Cookies on this website
We use cookies to ensure that we give you the best experience on our website. If you click 'Continue' we'll assume that you are happy to receive all cookies and you won't see this message again. Click 'Find out more' for information on how to change your cookie settings.

Predation risk places a pressure on animals to adopt mechanisms by which they reduce their individual risk of being preyed on. However, a consensus on methods of determining predation risk has yet to be reached. One of the most widespread ways in which animals respond to predation risk is by living in groups. Minimum permissible group size is the smallest group size that animals are able to live in, given the habitat-specific predation risk they face. We explore ways in which predation risk can be measured and analyse its effect on minimum observed group size in baboons. Using data on predator density, habitat composition and baboon body size, we investigate the impact of the components of predation risk on baboon group size, and derive an equation that best predicts minimum group size. Minimum group size in baboons is related to predator density and female body mass. Both of these elements can, in turn, be estimated from environmental variables. These findings present support for the argument that group living in primates is a response to predation risk and offer potentially new ways of investigating carnivore and primate ecology.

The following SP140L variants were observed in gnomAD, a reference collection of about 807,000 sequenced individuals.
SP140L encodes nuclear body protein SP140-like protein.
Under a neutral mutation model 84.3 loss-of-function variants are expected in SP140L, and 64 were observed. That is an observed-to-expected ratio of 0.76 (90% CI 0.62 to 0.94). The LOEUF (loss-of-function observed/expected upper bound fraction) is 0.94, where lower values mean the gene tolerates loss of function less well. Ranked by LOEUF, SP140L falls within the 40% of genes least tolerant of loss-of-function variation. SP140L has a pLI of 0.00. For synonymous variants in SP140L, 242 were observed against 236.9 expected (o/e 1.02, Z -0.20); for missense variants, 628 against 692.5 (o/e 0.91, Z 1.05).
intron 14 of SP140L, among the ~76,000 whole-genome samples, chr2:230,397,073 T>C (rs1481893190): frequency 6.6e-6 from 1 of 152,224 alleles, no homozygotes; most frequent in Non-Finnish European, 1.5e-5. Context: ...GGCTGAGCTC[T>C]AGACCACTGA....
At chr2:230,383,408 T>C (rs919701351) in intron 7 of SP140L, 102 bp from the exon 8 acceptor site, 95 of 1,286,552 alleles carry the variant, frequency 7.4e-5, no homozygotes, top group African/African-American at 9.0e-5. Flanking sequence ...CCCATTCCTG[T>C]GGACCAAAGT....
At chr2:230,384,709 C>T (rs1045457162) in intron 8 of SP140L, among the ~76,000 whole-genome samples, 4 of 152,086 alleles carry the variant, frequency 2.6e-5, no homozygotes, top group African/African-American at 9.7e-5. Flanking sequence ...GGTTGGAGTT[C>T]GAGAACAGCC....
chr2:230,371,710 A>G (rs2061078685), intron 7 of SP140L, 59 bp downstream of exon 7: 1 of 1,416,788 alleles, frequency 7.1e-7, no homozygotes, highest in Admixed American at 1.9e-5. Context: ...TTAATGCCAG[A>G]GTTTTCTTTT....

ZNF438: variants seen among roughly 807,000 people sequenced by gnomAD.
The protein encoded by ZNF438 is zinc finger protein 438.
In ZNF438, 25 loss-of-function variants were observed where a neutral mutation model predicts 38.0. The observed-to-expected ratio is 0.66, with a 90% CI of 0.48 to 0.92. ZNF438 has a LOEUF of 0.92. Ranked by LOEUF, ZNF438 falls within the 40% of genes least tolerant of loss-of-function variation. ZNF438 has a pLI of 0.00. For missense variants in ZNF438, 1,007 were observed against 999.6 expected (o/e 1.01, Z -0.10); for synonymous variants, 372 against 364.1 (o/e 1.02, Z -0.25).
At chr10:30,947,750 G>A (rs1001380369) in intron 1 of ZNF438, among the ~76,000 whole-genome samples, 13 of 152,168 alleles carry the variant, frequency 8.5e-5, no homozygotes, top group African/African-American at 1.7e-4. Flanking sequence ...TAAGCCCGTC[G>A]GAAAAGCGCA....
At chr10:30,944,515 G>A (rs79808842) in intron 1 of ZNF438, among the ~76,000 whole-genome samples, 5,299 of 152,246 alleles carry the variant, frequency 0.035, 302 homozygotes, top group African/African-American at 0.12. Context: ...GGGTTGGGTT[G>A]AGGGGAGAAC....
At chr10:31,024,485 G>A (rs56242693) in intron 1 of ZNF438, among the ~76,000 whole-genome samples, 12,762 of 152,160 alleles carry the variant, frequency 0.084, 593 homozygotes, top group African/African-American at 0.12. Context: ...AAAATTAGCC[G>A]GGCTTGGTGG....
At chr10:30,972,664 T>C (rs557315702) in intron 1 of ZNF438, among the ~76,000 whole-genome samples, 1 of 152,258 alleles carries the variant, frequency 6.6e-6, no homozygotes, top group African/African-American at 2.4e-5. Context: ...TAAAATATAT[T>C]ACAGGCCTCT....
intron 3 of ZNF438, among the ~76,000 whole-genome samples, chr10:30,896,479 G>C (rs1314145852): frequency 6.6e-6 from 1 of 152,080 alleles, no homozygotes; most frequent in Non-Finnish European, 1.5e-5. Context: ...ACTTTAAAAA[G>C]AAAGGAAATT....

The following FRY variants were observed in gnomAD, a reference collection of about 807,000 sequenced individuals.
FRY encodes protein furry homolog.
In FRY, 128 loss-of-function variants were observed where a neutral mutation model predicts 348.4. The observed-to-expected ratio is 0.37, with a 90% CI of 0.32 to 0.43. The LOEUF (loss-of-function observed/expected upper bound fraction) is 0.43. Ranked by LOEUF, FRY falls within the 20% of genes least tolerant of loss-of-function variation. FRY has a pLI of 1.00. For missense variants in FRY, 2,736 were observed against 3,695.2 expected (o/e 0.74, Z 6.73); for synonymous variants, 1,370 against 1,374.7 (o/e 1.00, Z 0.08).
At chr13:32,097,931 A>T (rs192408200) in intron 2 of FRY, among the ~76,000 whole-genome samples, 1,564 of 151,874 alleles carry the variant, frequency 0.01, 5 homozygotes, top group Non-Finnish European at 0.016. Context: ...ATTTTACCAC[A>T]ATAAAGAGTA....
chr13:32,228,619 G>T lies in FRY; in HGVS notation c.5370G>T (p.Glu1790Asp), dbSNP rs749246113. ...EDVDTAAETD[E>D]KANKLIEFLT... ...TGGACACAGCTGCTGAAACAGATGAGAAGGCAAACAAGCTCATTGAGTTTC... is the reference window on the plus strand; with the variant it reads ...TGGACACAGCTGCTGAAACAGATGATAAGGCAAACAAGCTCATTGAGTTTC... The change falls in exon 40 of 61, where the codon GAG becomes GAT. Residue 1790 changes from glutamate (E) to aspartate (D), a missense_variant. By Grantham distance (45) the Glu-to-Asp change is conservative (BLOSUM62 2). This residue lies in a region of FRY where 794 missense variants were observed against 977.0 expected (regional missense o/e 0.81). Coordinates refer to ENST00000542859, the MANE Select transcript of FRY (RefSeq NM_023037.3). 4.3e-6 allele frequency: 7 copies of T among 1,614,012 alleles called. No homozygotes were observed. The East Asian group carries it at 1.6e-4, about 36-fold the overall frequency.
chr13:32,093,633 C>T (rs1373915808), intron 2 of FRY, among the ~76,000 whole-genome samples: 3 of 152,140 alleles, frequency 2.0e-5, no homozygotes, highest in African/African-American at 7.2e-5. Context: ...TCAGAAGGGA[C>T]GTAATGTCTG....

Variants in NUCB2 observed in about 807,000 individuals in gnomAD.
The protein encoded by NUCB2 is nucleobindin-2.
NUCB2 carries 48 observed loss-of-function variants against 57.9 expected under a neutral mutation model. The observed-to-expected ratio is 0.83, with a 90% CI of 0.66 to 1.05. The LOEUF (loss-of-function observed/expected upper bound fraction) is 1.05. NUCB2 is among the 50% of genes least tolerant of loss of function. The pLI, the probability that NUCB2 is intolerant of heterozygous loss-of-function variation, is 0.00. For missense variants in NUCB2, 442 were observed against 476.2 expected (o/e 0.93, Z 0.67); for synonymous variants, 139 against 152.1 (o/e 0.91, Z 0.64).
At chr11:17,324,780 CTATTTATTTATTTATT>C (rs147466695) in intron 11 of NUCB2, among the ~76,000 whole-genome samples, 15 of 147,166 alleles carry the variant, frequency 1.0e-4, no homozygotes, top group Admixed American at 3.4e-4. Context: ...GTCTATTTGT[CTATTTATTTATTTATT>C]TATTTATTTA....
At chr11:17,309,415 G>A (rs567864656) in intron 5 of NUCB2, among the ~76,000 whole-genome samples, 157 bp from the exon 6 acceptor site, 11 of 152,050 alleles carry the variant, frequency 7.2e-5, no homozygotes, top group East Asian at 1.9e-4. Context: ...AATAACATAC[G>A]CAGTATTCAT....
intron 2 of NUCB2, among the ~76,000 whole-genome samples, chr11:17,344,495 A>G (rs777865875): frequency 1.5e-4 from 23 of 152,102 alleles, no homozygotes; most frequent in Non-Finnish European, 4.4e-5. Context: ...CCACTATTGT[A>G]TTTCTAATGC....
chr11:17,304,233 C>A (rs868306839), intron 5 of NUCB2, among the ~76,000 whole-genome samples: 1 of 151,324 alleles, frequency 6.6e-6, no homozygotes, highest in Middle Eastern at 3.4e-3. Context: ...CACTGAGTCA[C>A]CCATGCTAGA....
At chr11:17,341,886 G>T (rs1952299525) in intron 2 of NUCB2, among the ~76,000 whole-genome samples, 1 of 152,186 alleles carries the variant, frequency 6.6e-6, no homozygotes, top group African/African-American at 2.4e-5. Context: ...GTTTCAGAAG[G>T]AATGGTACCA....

Original publication

DOI

10.1159/000339808

Type

Journal article

Journal

Folia Primatol (Basel)

Publication Date

2012

Volume

83

Pages

332 - 352

Keywords

Africa, Animals, Body Weight, Carnivora, Ecosystem, Female, Food Chain, Male, Papio, Population Density, Social Behavior, Species Specificity